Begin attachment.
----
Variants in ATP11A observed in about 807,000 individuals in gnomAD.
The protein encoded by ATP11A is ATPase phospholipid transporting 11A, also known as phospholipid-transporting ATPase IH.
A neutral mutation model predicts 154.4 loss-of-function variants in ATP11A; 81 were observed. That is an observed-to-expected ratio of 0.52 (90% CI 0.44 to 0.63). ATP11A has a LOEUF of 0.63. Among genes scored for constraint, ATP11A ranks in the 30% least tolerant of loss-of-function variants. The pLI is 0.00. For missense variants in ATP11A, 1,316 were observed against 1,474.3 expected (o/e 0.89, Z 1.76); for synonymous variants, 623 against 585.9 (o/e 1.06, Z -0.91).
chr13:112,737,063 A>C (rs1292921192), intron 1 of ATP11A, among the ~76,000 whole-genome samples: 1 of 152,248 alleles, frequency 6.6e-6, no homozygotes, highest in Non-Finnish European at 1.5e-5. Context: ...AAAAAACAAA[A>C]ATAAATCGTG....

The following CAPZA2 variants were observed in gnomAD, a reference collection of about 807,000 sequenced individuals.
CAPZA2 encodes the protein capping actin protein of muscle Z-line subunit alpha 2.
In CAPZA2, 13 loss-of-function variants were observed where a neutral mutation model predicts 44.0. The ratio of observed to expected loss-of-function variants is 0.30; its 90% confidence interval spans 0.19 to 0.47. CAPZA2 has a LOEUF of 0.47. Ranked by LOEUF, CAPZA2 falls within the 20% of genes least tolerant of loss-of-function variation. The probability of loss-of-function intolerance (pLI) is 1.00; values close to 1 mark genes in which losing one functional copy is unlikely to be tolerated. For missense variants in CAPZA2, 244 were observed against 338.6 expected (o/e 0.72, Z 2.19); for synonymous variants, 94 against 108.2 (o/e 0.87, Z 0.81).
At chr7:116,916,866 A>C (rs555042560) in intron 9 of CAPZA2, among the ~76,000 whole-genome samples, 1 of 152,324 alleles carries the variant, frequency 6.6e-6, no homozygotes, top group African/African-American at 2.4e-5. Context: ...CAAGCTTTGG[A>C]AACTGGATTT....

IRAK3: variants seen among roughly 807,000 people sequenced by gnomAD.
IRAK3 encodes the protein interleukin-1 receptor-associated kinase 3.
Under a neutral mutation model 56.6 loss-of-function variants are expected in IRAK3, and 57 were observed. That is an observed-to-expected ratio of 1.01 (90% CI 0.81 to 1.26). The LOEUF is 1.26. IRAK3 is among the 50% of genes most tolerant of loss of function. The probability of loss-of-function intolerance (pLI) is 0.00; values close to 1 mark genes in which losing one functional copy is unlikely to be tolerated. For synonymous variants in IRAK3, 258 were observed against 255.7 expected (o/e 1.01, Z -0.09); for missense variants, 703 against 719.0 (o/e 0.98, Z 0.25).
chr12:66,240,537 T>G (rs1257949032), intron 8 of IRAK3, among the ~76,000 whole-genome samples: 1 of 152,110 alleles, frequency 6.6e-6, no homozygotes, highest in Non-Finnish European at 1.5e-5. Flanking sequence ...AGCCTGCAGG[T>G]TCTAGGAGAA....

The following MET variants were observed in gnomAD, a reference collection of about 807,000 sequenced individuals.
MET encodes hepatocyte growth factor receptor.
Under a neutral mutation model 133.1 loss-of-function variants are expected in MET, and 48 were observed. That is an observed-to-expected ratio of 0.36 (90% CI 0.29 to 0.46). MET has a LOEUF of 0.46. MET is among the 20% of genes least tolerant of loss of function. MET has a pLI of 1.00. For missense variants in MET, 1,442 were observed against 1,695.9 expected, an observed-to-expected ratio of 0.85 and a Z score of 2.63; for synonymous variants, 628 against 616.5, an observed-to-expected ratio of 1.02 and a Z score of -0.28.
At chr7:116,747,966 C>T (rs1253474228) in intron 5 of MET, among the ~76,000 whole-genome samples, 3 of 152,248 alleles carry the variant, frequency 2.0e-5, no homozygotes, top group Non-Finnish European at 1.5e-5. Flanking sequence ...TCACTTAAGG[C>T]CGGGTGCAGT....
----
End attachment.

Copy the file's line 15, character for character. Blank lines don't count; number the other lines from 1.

Under a neutral mutation model 133.1 loss-of-function variants are expected in MET, and 48 were observed. That is an observed-to-expected ratio of 0.36 (90% CI 0.29 to 0.46). MET has a LOEUF of 0.46. MET is among the 20% of genes least tolerant of loss of function. MET has a pLI of 1.00. For missense variants in MET, 1,442 were observed against 1,695.9 expected, an observed-to-expected ratio of 0.85 and a Z score of 2.63; for synonymous variants, 628 against 616.5, an observed-to-expected ratio of 1.02 and a Z score of -0.28.